Christ's Lutheran Church in 1964

[ Pastor Norman C. Krapf ] Pastor Norman C. Krapf, pictured here, conducting services. (To enlarge the picture, just click it.)

During this year, Pastor Krapf was married to Gwen ??.

Pastor Krapf later had these reminiscences of his ministry:(1)

From Moseman, Magda, and Anderson, Mark, eds., Perspectives and Patterns: Christ's Lutheran Church, 1806-1976 [Woodstock, NY: self-published monograph, 1976]. (Close)
I remember my nearly eight years as Pastor of Christ's Church as a time of beginnings. It was my first parish. I was married during my ministry there.… It was a time of change. The LCA was born. A new parish education curriculum and Service Book and Hymnal was introduced. New members joined with existing members to maintain and advance our life and work.… It was a time when deep friendships were made.… I recall the many deep relationships with so many which remain among the richest treasures of my ministry at Christ's Church. Above all, I rejoice with you in Christ because he enabled us to come together, sharing joy and sorrow, as we sought to render service together, in His Name.…
Here are some later reminiscences(2): From Christ's Beacon, February 2006. (Close)
It was good to know the many fine people who were members… and this is the most significant recollection I have of my ministry there. I recall an emphasis on fundamentals, Baptism, worship. education, support of our life and work, catechetics, weddings and funerals.… Christ's Church was the first parish I served following seminary graduation.… I remember hearing a world traveler saying: "the Woodstock area is one of the most beautiful areas of the world." Upon gazing at Overlook Mountain…, I felt a sense of awe at its majesty and beauty. It was always a joy to look out of the parsonage window and see the mountain. In making pastoral calls, it was always an inspiration to view the natural beauty of Woodstock and the surrounding area as I traveled to and from the homes of those I visited. Many of the members I knew are now with the Lord. I remember them with thanksgiving and their contribution to the life and work of Christ's Church. I recall a colleague once saying: "that among the parishes I served in my ministry, there is something special about my very first parish and my service there." He was right. I still see and inexperienced Pastor moving into an area of inspiring natural beauty called to serve a parish and learning that yes, the Pastor molds the congregation but likewise the congregation molds the Pastor.…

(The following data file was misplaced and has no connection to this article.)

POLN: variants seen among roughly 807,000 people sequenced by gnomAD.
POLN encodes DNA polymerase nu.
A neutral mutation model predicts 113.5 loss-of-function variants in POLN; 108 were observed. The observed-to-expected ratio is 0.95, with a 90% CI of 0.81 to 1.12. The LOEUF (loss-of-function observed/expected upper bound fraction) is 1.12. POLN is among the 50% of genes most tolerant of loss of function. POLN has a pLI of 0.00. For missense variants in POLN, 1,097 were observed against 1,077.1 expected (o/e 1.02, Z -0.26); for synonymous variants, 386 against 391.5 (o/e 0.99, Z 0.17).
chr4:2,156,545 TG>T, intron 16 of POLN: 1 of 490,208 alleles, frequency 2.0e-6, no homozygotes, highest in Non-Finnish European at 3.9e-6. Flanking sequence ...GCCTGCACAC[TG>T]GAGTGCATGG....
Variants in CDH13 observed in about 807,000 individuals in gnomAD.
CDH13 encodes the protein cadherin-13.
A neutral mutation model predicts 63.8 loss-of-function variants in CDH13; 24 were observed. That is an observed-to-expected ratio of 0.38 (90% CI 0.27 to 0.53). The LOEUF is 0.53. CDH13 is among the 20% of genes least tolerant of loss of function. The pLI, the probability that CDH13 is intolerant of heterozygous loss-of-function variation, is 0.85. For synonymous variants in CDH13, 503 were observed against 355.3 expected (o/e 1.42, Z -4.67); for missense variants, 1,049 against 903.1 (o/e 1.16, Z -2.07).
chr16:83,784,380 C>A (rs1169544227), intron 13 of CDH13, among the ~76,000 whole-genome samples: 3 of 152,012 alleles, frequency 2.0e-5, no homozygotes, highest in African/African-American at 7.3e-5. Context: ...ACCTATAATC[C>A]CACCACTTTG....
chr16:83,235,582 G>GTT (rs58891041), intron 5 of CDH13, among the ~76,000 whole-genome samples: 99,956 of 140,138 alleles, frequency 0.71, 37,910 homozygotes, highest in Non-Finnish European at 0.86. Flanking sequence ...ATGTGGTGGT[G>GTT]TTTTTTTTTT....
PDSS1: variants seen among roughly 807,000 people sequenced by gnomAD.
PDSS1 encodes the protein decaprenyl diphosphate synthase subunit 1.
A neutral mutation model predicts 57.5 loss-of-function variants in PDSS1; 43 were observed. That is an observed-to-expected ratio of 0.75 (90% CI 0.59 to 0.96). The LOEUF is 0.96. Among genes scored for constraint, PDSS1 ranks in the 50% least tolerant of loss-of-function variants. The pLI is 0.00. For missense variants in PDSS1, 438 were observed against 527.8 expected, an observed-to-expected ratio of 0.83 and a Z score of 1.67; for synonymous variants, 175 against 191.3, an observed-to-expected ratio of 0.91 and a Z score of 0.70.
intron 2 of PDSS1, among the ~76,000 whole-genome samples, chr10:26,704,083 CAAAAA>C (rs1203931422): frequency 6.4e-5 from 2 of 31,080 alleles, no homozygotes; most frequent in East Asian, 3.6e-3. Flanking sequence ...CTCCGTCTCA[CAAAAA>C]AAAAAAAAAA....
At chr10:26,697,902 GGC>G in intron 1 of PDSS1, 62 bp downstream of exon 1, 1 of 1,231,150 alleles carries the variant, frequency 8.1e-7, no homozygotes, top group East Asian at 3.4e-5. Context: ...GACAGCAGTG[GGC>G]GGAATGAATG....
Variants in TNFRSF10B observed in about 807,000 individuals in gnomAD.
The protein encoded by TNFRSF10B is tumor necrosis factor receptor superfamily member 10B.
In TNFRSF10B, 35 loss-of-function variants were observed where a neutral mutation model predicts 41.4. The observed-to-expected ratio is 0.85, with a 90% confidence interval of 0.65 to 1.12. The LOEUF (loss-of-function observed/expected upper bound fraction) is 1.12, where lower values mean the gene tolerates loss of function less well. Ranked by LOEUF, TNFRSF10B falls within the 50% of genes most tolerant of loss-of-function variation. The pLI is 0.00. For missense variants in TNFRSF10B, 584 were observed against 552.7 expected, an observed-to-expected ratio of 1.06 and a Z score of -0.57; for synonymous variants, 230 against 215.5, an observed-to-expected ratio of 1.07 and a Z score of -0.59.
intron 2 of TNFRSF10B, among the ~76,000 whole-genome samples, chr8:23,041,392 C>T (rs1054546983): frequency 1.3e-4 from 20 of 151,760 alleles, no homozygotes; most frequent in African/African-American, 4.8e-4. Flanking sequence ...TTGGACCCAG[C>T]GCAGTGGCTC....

Membership was 109 adults, 72 children. A new constitution was adopted.

According to church historian Mark Anderson,

It seems likely that the unique oil paintings [of Paul Wesley Arndt] at the front of the church [see the 1956 sesquicentennial celebration picture] were not aesthetically pleasing to several of the pastors after the mid-century. Clearly, there were also differences of opinion regarding the music then common in the church. A number of changes were made by Pastor Norman Krapf and his wife, Gwen.(3) Quoted in Anderson, Mark J., For All the Saints: Christ's Lutheran Church, Woodstock, New York, 1806-2006 [Bloomington, IN: AuthorHouse, 2006], p. 153. (Close)
Organist Elsa Holumzer, 54 years old at that time and playing the electric Hammand organ at every service, later had these reminiscences:
[Pastor Krapf], a tenor, wanted a [better]… type music, called ours [no good]… and threw his issue on the floor. That riled not only our bass Edgar Shultis but the rest of the choir.…(4) Quoted in ibid., pp. 151-52. (Close)

The congregation voted to employ White Plains architects McCoy and Blair to prepare working plans and specifications for the construction of the Fellowship Hall in back of the church, and to authorize the church council to borrow money for the project, solicit bids, and select contractors. Three estimates were announced, ranging between $29,000 and $38,000 ($178,060 and $233,320 in 2006 dollars). Ultimately, a realistic contract was made with builder Karl Schroeder to build the hall for $49,780 ($305,649).

The congregation voted in December use the church property as collateral for a $30,000 ($184,200) mortgage to build the Fellowship Hall.

The council authorized the trustees to dispose of the privy at the rear of the church (since the Fellowship Hall would have flush toilets) and that part of the sheds, exclusive of the garage, provided that no expense would be incurred. Several weeks later the council moved to have the secretary respond to Mr. Shultis's letter, explaining to him why the privy had been removed. An architect suggested a separate bid to use the new boiler to also heat the church. He also suggested getting rid of the shed and replacing it with a prefabricated garage; the congregation decided to salvage one section of the shed and enclose it to form a garage and storage shed (click on either picture below to enlarge it).

[ North side of shed ] [ South side of shed ]

The pastor's salary and benefits amounted to about $4,300 ($26,402 in 2006 dollars); organist $225 ($1,382); the sexton $200 ($1,228).

The Woodstock Region in 1964

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The United States in 1964

[ Lyndon B. Johnson ]

Lyndon B. Johnson (Democrat) was President. The 88th Congress was in session. A dollar in that year would be worth $6.14 in 2006 for most consumable products.

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The World at Large in 1964

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